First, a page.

Money & Career

Is the Canadian housing bubble about to burst?

If you believe this report by TD Economics, Canadian home prices are set to drop by just over 10 percent in the next two years. What does a 10-percent drop look like? A quick bit of math shows that if you bought a house last month for $350,000 it would be worth $35,000 less by 2013 — a loss in value of $17,500 for each of the two years.

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If you believe this report by TD Economics, Canadian home prices are set to drop by just over 10 percent in the next two years. What does a 10-percent drop look like? A quick bit of math shows that if you bought a house last month for $350,000 it would be worth $35,000 less by 2013 — a loss in value of $17,500 for each of the two years.

If you live in Toronto or Vancouver, you can expect prices to drop even more — 14.8 percent for Vancouver and 11.7 percent for Toronto. 
The economists at TD call this a “modest” drop. But to me, it actually looks pretty steep, don’t you think? To start, $35,000 is a lot of money. It might not seem like a lot when you’re spending ten times that much to buy a house, but it’s still a good chunk of change, especially if you find you either want or need to sell your house in the next year or two. 
At the same time, the TD economists are also talking two years — what about over the longer-term? Will prices stay at that level or will they drop more, as this report from a couple of weeks ago suggests (think 25 percent over the next several years).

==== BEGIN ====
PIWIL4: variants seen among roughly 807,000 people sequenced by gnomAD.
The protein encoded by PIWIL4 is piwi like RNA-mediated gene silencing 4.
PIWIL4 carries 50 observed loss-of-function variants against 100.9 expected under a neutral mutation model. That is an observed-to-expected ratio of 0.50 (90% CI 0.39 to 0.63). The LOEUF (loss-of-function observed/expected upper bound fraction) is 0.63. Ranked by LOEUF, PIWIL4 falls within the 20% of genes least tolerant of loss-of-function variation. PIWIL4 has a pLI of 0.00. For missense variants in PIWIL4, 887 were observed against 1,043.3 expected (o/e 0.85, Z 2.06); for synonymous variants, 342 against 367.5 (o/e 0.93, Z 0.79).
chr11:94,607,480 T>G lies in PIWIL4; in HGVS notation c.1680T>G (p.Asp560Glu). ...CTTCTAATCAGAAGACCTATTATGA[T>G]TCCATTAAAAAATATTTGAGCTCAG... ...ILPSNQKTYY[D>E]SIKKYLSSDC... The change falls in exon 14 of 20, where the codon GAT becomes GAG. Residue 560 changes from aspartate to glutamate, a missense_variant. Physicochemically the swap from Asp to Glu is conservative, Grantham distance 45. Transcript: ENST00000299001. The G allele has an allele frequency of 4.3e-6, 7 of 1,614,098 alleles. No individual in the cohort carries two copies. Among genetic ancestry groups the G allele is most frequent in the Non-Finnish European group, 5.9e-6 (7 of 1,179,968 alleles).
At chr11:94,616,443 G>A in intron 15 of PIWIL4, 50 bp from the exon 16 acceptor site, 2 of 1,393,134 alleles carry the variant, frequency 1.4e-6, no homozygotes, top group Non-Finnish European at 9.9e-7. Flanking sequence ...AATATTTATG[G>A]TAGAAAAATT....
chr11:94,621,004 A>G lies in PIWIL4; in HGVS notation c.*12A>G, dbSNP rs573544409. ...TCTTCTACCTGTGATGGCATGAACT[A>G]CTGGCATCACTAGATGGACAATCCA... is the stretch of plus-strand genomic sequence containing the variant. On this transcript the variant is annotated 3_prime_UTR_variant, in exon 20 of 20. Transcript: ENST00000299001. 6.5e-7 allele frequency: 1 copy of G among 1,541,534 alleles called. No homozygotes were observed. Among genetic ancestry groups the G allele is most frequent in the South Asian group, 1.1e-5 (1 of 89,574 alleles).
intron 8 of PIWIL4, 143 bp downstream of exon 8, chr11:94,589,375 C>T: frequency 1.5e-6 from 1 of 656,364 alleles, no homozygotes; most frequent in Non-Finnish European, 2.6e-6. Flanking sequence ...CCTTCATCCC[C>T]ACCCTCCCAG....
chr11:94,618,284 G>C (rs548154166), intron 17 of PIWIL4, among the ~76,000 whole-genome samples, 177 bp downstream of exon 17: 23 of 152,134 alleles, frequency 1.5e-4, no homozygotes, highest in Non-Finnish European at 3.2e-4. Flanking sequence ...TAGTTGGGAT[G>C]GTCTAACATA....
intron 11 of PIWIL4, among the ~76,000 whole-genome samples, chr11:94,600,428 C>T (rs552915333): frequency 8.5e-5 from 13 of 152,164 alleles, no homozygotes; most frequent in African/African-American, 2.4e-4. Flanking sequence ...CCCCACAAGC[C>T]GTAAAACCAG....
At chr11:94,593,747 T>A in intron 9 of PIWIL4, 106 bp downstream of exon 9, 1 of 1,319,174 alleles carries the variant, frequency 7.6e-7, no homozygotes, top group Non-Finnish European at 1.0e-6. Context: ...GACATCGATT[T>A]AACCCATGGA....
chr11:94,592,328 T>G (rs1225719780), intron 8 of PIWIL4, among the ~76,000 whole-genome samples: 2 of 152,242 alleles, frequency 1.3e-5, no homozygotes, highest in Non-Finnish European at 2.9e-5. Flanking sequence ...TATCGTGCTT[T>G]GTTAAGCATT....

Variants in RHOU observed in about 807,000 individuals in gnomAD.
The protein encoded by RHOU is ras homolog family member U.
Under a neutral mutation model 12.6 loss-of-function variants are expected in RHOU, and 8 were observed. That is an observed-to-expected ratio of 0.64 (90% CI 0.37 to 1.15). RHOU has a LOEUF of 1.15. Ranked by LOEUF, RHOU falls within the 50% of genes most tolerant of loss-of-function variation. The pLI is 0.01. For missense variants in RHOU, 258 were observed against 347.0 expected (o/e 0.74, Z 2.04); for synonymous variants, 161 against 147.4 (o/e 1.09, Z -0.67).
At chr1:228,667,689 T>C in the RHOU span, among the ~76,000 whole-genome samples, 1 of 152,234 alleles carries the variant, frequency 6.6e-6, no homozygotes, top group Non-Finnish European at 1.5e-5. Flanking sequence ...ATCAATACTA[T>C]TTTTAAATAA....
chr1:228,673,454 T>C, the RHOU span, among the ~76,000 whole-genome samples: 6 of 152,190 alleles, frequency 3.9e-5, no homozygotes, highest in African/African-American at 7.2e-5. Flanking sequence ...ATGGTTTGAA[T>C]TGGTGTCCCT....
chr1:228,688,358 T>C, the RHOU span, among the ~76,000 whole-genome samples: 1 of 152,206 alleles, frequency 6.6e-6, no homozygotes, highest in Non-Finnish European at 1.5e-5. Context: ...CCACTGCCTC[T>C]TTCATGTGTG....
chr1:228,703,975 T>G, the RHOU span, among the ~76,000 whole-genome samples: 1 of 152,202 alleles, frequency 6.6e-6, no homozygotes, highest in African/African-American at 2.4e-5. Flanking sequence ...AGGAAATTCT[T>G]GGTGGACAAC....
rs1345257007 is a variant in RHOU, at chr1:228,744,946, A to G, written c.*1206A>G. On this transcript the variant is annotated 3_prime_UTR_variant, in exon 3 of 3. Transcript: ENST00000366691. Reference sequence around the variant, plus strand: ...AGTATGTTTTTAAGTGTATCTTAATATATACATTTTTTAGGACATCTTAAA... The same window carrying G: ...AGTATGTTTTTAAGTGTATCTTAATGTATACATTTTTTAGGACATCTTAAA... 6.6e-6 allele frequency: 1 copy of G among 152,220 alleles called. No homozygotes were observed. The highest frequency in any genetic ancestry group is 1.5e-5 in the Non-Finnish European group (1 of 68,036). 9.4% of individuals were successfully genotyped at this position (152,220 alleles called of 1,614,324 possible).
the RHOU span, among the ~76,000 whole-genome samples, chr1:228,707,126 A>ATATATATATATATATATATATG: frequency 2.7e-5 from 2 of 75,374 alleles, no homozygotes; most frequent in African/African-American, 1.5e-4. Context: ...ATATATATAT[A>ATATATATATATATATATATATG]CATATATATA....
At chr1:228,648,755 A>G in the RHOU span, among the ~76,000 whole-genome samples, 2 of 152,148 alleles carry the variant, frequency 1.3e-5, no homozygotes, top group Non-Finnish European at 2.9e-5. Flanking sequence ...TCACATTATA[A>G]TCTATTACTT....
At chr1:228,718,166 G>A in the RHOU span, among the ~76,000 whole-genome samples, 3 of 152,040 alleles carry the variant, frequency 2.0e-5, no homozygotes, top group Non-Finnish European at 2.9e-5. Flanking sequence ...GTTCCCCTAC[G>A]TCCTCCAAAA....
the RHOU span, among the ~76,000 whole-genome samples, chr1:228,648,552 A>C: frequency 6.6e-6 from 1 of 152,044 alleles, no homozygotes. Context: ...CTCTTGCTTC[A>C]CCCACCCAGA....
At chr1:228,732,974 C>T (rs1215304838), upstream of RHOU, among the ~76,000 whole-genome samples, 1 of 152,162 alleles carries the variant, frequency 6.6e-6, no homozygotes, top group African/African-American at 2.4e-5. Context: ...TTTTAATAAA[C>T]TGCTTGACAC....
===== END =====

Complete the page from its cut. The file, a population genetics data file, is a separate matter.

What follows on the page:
The bottom line is that most economists think house prices are headed down — and for many Canadians, that’s not something we’re used to. For those of us in our 20s and 30s, rising home prices are the only thing we’ve ever known as adults — buying a home has been a fantastic investment, with prices moving up every year for the last decade. So you can buy a condo today and sell it in a few years without worrying about losing money. 
With prices going down (or even staying flat) it’s finally time for a real estate reality check. No, it doesn’t mean that you shouldn’t buy a home, but if you do you really need to think long-term. Make sure you plan to stay put for at least five years or longer — and make sure that you can afford payments on the house if interest rates go up a few percentage points (which they will). 
Are any of you worried about falling house prices? And if so, what are you doing about it? 
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